Uganda’s Social media tax law went into effect on the 1st of July despite the outcry. For those who didn’t see this post, the Social media tax law in Uganda means that Ugandans now have to pay Sh200 on the days they want to use social media.
As expected, Ugandans are already searching for ways to evade the tax, with a lot of people resorting to VPNs.
As a result, the government has made moves to block access to VPNs entirely. According to the Uganda Communications Commission (UCC):
We have technology that will block the VPN services so that no one dodges the taxes…We have all the systems needed to block the virtual private networks already here and the government will move anytime to effect it
While it is likely that VPNs can be blocked, the act in itself is a classic game of cat and mouse.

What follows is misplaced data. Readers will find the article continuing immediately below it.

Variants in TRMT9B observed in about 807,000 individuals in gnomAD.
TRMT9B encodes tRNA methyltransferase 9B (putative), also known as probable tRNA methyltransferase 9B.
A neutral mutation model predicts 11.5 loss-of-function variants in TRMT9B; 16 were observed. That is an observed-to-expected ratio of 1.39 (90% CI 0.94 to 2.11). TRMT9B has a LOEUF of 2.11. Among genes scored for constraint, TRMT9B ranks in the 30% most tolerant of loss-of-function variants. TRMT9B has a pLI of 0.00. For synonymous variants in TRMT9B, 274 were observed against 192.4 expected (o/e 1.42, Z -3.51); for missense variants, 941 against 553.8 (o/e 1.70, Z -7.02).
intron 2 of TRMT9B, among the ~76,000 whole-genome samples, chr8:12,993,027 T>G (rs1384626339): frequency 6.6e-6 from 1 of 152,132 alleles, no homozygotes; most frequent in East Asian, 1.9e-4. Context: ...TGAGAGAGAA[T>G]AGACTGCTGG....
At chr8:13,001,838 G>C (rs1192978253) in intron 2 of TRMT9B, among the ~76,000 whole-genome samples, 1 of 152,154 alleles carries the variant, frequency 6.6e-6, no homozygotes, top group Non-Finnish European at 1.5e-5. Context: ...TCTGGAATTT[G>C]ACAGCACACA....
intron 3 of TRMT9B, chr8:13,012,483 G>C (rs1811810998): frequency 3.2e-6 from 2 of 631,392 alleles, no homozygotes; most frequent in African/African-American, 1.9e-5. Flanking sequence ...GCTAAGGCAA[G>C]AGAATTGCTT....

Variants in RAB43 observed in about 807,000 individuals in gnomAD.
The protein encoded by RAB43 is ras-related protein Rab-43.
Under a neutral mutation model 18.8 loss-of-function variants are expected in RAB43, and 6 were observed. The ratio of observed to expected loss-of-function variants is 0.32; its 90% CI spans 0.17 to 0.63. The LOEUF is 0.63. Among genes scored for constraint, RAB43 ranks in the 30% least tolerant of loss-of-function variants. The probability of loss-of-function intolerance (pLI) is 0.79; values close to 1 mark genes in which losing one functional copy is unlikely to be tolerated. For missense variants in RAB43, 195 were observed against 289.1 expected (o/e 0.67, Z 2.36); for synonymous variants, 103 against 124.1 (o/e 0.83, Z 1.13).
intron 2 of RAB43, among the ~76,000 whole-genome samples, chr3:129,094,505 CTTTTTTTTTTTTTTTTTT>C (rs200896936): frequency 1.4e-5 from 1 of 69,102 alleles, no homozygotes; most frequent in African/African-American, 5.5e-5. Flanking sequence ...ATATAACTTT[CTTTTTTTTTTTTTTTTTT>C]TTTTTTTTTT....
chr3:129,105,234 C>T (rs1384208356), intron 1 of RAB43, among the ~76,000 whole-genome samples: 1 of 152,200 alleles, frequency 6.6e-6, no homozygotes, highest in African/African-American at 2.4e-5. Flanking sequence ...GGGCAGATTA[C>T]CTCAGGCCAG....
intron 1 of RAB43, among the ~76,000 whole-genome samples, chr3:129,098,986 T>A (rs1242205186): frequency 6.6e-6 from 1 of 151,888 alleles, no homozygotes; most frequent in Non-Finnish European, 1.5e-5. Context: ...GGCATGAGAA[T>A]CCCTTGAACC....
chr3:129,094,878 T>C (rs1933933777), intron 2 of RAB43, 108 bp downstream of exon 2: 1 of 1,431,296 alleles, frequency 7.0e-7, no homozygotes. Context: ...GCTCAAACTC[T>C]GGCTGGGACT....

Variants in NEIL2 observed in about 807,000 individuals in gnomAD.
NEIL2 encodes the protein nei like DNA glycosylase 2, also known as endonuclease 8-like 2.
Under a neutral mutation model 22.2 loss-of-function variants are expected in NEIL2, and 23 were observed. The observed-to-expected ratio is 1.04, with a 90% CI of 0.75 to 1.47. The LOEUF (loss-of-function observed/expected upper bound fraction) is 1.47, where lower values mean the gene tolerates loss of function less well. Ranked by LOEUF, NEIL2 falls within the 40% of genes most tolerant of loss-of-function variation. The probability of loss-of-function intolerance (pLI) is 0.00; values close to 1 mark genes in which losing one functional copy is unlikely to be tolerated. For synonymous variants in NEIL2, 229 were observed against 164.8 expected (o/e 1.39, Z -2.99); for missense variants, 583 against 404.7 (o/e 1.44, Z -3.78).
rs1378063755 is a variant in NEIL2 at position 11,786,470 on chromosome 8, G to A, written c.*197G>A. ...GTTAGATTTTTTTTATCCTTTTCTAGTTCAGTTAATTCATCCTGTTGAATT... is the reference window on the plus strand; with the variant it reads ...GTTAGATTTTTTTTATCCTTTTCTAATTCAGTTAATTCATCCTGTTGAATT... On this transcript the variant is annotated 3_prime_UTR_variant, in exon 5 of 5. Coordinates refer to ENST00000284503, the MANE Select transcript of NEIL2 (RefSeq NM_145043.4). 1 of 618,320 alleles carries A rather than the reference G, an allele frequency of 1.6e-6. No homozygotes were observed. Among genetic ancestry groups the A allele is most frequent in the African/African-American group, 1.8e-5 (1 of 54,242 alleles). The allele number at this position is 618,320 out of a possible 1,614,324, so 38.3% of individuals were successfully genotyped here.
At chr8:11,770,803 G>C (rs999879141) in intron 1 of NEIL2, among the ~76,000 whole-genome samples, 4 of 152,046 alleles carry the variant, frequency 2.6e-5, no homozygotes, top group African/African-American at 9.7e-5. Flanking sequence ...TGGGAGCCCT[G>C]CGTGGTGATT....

VPNs were blocked in China, but the Chinese citizens still use them. How? VPN providers constantly work to outpace the government by renting extra cloud servers to buoy their networks and making user activity look like permitted internet traffic.
However, according to MTN:
“VPNs are a common global method of accessing internet services while masking the nature of the internet service being used. It is because such VPNs can then be used to access OTT services indirectly that the government has included such sites as being subject to OTT tax. Unfortunately, the creation of a VPN service is relatively easy and takes place outside of Ugandan borders. For this reason, the operators will block access to VPNs that the authorities declare to be used for OTT services unless the consumer has paid their OTT tax.”
So, it looks like there is no escaping this one.
Or so they ‘think!’